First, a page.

I have chosen to construct work using a reduced or minimal palette and brush work. I am interested in duality and use opposite elements including black, white, dot and line and horizontals and verticals. Line has always mattered and varies by brush weight or pressure and speed and transgressions from the true horizontal and vertical of the picture plain. The meaning of my work lies in the methodology and my choice of materials particularly evident in my painterly patterning and the employment of economy and directness intrinsic to the Australian tradition to ‘make do’. Natural environmental processes including weathering, architectural details and ‘found marks’ observed on surfaces in the city also inform the work. Each step of my painting process is intuitive and repetitive until the work is imbued with a sense of harmony and balance.
Terri Brooks studied at RMIT University and in 2010 graduated with a Doctor of Philosophy from the University of Ballarat. In 2014 Brooks exhibited in Direction Now, a major touring group exhibition first staged at Port Macquarie’s Glasshouse Regional Gallery. Direction now responded to the Direction 1 exhibition of 1956, the first exhibition in Australia to legitimise abstraction. In 2006 she participated in a government funded artist workshop in North East Germany and in 2009 was invited to exhibit at the State Gallery of Neubrandenburg, officially opened by the Australian Embassy, Berlin.
Brooks has held over twenty five solo exhibitions and has participated in shows in public, university, commercial and artist runs spaces including art fairs nationally and in the US, UK, The Netherlands, Italy, Germany, China, New Zealand, Poland and Greece. She has been selected several times as a finalist for the Fleurieu Art Prize and the Tattersall’s Landscape Art Prize, and finalist in the Kedumba Drawing Award and Alice Prize and awarded a BP Acquisitive Award in 1992 and an Australia Council Grant in 1991. Her work is held in the collection of the Neubrandenburg Museum, Germany and private and corporate collections around the world. For more than ten years her works have been incorporated into homes designed by leading interior designers and architects (including award winning interiors). In 2018 she completed two major commissions for the Westin, Perth and Four Points by Sheraton, Central Park, Sydney. Brooks is currently represented in Australia, the United Kingdom and China.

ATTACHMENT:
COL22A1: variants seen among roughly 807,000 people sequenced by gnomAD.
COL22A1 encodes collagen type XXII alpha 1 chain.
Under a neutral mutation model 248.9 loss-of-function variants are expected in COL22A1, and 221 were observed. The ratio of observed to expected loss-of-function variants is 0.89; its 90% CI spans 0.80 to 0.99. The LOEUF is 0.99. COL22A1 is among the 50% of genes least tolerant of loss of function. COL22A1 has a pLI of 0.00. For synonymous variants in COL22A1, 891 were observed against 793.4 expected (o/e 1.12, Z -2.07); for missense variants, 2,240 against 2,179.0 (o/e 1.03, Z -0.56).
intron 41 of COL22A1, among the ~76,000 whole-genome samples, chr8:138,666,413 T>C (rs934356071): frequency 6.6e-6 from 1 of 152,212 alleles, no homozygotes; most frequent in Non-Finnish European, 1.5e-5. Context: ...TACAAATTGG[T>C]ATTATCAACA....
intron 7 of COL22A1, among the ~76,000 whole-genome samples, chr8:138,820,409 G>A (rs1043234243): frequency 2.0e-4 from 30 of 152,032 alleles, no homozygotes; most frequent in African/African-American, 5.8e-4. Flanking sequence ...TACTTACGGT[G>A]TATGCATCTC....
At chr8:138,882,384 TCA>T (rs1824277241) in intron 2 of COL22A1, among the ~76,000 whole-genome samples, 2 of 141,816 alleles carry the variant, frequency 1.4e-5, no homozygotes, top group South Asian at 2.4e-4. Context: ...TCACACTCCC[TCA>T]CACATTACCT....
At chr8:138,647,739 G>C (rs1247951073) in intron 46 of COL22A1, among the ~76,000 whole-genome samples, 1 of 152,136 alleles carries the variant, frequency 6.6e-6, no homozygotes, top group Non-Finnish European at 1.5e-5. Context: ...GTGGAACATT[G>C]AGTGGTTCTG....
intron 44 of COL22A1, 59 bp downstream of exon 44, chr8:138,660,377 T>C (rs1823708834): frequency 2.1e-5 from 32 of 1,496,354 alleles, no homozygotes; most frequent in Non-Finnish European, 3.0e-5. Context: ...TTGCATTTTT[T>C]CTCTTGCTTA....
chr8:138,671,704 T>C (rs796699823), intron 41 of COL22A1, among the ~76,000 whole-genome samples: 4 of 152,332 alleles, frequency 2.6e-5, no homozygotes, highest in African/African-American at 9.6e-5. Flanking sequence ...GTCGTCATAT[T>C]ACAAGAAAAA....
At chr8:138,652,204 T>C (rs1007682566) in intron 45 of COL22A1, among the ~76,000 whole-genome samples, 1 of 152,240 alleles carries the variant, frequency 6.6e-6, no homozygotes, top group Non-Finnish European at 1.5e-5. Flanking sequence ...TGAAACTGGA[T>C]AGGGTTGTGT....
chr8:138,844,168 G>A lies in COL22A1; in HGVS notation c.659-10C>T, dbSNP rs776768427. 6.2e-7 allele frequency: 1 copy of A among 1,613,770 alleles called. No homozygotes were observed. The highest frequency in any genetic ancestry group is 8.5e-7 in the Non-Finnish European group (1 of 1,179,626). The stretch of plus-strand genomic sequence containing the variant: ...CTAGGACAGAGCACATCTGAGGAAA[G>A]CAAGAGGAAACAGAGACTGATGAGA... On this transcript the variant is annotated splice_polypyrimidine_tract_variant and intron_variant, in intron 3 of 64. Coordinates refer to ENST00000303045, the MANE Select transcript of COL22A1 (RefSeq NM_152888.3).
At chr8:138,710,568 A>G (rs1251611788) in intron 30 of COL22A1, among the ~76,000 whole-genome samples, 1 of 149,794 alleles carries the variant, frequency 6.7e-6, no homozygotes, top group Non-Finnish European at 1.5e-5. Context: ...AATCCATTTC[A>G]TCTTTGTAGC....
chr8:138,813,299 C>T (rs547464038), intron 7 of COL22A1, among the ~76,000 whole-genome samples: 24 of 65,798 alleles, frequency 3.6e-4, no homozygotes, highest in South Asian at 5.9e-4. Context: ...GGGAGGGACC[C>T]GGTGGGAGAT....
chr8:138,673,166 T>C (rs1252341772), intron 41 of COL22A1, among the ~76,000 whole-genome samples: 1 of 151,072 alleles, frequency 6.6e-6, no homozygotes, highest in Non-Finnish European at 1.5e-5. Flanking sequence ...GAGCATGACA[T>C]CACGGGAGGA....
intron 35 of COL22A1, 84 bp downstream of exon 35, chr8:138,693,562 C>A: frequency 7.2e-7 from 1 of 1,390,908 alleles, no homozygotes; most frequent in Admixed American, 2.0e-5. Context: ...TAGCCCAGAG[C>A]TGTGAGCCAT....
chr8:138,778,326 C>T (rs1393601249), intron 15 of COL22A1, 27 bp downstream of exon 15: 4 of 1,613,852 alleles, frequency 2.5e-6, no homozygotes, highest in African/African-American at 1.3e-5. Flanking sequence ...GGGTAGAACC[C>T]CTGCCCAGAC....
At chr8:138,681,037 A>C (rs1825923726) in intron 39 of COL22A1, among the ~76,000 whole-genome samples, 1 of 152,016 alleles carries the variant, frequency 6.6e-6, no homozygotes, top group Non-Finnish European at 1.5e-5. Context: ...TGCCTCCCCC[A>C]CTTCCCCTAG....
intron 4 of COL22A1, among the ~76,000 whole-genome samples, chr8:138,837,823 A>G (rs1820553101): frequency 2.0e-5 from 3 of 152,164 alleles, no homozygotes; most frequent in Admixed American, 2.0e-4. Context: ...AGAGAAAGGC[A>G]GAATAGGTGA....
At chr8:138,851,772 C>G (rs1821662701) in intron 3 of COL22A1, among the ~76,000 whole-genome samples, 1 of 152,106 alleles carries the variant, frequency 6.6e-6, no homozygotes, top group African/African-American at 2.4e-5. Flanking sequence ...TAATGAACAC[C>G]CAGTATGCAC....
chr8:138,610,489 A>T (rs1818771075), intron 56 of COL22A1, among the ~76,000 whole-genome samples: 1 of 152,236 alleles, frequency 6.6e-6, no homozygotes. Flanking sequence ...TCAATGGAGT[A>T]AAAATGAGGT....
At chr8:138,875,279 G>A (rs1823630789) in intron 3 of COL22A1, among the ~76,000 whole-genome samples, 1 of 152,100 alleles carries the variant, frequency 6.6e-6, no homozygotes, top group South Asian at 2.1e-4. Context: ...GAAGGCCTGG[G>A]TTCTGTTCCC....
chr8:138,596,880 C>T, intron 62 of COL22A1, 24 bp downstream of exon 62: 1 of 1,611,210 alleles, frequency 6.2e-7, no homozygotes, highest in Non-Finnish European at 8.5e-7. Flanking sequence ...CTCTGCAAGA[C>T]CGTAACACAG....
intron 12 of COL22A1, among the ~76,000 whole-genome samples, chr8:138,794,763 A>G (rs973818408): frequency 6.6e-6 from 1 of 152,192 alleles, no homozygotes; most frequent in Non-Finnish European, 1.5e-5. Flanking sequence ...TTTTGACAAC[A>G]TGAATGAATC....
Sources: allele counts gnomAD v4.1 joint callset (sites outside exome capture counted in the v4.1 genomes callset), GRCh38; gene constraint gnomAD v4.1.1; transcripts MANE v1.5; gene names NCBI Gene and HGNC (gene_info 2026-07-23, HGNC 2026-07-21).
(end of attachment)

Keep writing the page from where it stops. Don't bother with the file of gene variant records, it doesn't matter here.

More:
Gems, Flinders Lane Gallery, Melbourne, 2020
To explain the recent Westin Perth commission Brooks wrote: ‘Veiled Dots and Lines, 2018, was developed over months from repetitive intuitive layering and wiping back all but essential pencil and paint marks. The final piece references no place or time over than its own, as one might ponder the remnants of ancient markings in the landscape or what is revealed by peeling paint from a city wall.’
Tacit Galleries, Melbourne 2019
Download exhibition catalogue
'Marked by Time' excerpt, 2003, Andrea Lloyd and Kevin Brophy
In her childhood Terri Brooks was fascinated by the wallpaper in her bedroom which was browned, stained, spotted – marked by time. Sometimes she added her own marks to the outside walls of her home, blending them with the traces of age, working with the beauty of neglect. Her grandfather, a part-time house painter, gave Terri the task of cleaning his brushes against the corrugated iron wall of his backyard shed. Entranced by thinned paints and rusted iron in the sunlight, this wall became an ongoing painting for her.
Veiled Dots and Lines, 2018, oil, enamel and pencil on canvas, 280 x 180 cm.
My Grandfather's Wall, 1987.
The first large all white field painting was completed in 1987 as an under graduate. Inspired by the work of Antoni Tapies who referenced walls in his paintings (often for spiritual reasons – including the contemplation of a void). Titled ‘My Grandfather’s wall’, it was based on my childhood memory of our shed where I often played after school. My references then were the light linear works of American artist Mark Tobey and Alberto Giacometti. It was not until the mid-1990s that I discovered the works of Cy Twombly who himself was influenced by Giacometti’s paintings and sculpture.